In the wake of Monday's Boston bombings—clearly committed by someone who can't bear the thought of tens of thousands of people enjoying their families and cheering on the personal triumphs of others—I needed a mind break. And you probably did, too. So I reached for The Complete Capitol Bobby Hackett Solo Sessions (Mosaic), which was released in 2002 and I hear is running low. This box features hugely understanding and patient music because it was recorded during similarly anxious times—when the world was changing a little too fast, the news was grim and the future wasn't so certain. Technology and new ways of living also played a role.
As the suburbs expanded in the early 1950s and home-ownership soared, so did sales of phonographs. The iPods of their day, factory models could accommodate the new 33 1/3 speed needed for long-playing records. Columbia introduced the LP in the late '40s but soon other labels followed. At first, the 12-inch LP was for older, wealthier classical fans while the 10-inch platter was for young adult consumers of pop and jazz. Both sizes gave consumers more time in their chairs before having to rise and turn over the discs.
Pop fare was segmented for a range of demographic groups. In the early days of the LP, there was sticky novelty music and overly sincere vocals for basic listeners and jazz from the '20s and '30s for sophisticates. In the middle was a marriage of sorts between music that was easy to follow and a jazz soloist who pushed the envelope instrumentally. In many respects, the model for this genre was Charlie Parker with Strings in 1949 and 1950—in which familiar Tin Pan Alley songs were served up lush but fronted by a freewheeling instrumentalist.
The pioneer of this genre—which would eventually become known as Easy Listening—was Bobby Hackett. The trumpeter and cornetist was a direct stylistic link to the laid-back, punctuating style of Bix Beiderbecke, and in the '30s and '40s he had been a featured soloist in Glenn Miller's and Benny Goodman's bands.
Hackett's role in the '50s as the Pied Piper of Mood Music owes a great deal to Jackie Gleason's foresight. Hackett's earliest recordings of this ilk for Capitol were done for the comedian's mink-and-martini projects. The success of their combined effort was so potent from a sales perspective that Hackett began recording similar though more smartly arranged albums under his own name.
The first—Soft Lights—was recorded in the spring of 1953 and the last—Hawaii Swings—was waxed in 1959. The 10 albums in all are as you would expect—a lyrical, patient trumpeter wandering around songs you know, backed by strings and woodwinds. While the orchestra served up a relaxed, echoing backdrop, Hackett's round tones and dancing style seemingly sing the standards.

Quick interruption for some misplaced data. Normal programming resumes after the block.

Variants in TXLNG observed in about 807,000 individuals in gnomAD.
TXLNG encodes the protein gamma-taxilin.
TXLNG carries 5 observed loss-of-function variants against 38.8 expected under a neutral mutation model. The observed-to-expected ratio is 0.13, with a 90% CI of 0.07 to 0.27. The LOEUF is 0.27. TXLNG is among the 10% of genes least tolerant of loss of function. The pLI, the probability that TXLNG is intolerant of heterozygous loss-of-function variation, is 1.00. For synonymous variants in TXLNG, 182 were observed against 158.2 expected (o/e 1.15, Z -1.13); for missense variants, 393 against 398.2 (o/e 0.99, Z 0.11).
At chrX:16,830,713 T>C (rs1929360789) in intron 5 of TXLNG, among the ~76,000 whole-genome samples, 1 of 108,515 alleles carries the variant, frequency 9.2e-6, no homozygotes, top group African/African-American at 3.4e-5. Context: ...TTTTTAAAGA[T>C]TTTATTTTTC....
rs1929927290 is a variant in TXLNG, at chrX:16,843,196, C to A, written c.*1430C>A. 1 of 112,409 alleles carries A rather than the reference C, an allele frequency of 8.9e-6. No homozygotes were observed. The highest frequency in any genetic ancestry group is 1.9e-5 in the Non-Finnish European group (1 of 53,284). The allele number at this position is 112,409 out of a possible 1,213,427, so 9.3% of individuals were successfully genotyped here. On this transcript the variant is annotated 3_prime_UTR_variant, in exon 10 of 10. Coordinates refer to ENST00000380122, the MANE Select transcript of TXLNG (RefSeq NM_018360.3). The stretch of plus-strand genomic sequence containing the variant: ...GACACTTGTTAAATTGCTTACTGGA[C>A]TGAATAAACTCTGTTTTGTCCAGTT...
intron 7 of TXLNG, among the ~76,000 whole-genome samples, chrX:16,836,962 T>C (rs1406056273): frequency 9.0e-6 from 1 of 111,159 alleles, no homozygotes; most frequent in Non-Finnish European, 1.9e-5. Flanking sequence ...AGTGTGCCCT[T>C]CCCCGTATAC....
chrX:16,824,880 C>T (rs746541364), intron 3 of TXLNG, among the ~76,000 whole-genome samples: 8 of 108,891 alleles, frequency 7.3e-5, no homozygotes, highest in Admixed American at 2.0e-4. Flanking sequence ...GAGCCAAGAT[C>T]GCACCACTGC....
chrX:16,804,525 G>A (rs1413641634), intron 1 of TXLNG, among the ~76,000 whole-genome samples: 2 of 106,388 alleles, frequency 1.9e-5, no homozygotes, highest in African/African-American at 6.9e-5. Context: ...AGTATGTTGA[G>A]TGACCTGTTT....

All of Hackett's recordings have been gathered on The Complete Capitol Bobby Hackett Solo Sessions (Mosaic), which was released in 2002. From my perspective, there's nothing like Hackett circling a song to soothe the worry and sorrow of the unthinkable. His calm and inventiveness gives you hope while the plush arrangements keep your powder dry. In short, what you get here is Hackett playing trumpet as though he's whistling on his way to a fishing hole.
The box's liners are by Dan Morgenstern, and they are as glorious and elegantly spare as Hackett's own notes. Here are the two opening paragraphs...
" ' Bobby Hackett—always lovely to listen to, makes it come out so pretty.' The speaker was Louis Armstrong discussing his favorites. And Louis, of course, was Bobby's idol. 'I worshipped him,' he told Whitney Balliett in 1972. 'I heard my first Armstrong record in a Providence department store when I was a kid, and it turned me around. The sound has never left me.'
"There are many, this writer included, who can say the same about the sound of Bobby Hackett. It is a sound that for a decade or so, when the recordings gathered here were made, was almost ubiquitous, heard in public places throughout an America that now seems almost impossibly innocent, a country in which a genre called 'mood music' sold millions of records and was a constant on the airwaves."
On these 124 tracks, you hear songs served neat—with orchestrations that were always conscious of the listener's nerves and anxieties. After Monday's horrible and traumatic events in Boston, I put on the Hackett box and understood instantly why the '50s recordings had resonated so deeply with a generation still coping with the horror of a world war and trying to block out the Cold War. The music's salve-like qualities are still effective today.
JazzWax tracks: You'll find the five-CD box The Complete Capitol Bobby Hackett Solo Sessions (Mosaic) here.
JazzWax clip: Here's Hackett playing Thank You for a Lovely Evening from Capitol's Rendezvous (1956), which is included in this box...